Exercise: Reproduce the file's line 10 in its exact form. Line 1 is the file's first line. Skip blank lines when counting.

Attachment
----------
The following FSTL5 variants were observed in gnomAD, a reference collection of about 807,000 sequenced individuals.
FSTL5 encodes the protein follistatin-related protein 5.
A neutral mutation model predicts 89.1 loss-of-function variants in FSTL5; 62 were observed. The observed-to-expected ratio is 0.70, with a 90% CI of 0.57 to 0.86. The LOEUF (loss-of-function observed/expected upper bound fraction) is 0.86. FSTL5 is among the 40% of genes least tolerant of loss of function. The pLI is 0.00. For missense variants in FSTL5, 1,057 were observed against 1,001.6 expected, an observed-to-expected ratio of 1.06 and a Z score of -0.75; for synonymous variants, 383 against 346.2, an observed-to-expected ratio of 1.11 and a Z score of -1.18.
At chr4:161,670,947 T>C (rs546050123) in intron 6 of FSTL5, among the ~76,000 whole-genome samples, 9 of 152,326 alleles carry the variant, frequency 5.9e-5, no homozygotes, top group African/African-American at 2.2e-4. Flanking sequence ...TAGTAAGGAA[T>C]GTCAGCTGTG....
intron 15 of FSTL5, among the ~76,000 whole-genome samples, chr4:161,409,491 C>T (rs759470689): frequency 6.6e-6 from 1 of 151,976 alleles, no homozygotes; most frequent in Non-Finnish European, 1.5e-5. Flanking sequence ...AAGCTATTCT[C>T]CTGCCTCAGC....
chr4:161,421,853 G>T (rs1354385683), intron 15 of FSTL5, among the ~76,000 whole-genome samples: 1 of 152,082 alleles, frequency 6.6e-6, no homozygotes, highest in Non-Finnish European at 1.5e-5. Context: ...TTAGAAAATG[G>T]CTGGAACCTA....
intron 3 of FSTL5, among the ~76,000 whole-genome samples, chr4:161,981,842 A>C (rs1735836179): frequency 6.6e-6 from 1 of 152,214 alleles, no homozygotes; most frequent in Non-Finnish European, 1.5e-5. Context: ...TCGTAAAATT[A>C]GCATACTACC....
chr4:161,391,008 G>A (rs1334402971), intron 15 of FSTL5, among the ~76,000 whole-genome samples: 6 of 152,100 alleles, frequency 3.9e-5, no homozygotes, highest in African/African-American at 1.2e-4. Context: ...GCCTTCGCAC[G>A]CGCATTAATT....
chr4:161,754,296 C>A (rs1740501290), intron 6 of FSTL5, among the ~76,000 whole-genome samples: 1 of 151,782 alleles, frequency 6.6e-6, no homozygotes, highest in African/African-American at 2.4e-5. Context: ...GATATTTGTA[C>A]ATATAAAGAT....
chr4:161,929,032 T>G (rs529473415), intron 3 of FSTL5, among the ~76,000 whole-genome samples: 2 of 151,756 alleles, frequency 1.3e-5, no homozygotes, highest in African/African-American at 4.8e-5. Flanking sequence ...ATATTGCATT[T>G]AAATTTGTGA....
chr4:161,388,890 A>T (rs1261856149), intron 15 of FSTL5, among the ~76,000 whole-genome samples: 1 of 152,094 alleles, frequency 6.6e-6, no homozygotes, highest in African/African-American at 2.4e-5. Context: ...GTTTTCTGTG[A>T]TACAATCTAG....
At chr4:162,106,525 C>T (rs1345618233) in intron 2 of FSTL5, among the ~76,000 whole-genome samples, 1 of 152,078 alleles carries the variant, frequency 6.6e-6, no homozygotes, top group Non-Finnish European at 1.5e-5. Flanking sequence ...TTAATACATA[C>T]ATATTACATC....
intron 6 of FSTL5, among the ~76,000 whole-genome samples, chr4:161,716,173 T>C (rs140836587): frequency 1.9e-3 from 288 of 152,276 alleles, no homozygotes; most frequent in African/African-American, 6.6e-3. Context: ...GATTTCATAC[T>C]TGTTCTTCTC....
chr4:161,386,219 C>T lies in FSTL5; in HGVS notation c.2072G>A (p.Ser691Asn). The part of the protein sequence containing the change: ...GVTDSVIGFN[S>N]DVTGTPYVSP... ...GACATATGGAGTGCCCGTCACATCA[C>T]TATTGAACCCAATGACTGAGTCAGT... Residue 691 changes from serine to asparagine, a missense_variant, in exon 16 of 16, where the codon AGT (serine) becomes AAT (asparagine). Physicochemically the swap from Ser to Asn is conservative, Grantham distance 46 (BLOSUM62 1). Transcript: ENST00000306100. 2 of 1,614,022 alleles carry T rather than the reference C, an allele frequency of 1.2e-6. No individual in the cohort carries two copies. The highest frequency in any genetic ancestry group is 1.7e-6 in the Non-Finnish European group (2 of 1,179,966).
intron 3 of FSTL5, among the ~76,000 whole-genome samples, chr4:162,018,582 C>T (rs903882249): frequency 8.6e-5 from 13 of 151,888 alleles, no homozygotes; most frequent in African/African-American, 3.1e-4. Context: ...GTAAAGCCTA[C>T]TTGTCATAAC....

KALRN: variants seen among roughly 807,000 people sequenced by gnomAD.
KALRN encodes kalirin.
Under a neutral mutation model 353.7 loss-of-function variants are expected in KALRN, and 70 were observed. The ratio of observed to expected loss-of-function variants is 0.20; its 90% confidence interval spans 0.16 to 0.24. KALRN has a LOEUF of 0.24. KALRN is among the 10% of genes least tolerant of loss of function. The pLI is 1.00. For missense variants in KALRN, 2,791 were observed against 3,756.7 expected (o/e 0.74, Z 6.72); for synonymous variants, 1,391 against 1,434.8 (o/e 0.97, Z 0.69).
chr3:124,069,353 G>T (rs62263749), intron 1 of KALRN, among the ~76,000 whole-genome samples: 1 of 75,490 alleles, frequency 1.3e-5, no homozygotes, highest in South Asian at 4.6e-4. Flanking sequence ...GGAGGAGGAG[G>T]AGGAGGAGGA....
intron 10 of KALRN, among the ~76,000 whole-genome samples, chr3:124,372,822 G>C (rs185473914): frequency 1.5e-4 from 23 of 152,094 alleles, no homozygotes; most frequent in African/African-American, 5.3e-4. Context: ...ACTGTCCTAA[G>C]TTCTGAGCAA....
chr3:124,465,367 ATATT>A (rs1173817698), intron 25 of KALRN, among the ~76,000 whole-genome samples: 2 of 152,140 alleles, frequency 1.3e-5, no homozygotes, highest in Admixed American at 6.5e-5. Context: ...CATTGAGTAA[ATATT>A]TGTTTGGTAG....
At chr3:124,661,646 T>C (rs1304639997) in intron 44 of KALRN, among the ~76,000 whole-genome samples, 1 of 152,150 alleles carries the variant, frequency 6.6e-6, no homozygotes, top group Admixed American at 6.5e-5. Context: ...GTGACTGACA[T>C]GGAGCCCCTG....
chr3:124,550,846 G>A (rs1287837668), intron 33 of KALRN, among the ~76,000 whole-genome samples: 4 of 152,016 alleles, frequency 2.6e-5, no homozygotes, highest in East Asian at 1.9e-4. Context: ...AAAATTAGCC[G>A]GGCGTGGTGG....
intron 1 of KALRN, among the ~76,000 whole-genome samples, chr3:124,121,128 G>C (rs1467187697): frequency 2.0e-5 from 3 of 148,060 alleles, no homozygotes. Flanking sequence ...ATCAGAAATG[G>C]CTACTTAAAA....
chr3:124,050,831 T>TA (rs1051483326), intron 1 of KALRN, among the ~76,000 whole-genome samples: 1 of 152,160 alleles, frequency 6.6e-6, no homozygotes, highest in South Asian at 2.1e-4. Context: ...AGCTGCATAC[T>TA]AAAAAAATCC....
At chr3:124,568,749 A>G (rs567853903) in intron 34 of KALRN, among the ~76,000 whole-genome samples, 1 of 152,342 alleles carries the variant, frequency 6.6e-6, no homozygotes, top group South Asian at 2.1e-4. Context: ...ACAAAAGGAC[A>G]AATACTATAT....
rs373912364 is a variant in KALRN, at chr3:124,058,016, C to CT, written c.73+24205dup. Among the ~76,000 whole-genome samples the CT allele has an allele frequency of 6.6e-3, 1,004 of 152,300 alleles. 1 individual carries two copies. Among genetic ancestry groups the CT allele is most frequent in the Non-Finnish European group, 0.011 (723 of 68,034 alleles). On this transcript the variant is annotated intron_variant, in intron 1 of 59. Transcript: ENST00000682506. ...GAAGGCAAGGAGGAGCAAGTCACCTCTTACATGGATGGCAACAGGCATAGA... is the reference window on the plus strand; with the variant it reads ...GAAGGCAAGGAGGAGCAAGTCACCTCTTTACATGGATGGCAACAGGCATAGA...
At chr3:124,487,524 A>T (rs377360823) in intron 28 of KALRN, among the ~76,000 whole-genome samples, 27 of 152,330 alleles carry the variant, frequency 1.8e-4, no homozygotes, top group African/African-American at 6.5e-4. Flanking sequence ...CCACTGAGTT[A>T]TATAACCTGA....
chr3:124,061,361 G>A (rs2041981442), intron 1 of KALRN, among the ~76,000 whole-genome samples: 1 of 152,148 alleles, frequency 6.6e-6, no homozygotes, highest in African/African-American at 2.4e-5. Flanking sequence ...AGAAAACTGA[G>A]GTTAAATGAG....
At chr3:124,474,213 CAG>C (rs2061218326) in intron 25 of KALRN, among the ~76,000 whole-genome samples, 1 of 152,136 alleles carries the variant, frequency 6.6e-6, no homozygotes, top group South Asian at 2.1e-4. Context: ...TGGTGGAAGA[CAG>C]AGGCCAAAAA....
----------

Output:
chr4:161,929,032 T>G (rs529473415), intron 3 of FSTL5, among the ~76,000 whole-genome samples: 2 of 151,756 alleles, frequency 1.3e-5, no homozygotes, highest in African/African-American at 4.8e-5. Flanking sequence ...ATATTGCATT[T>G]AAATTTGTGA....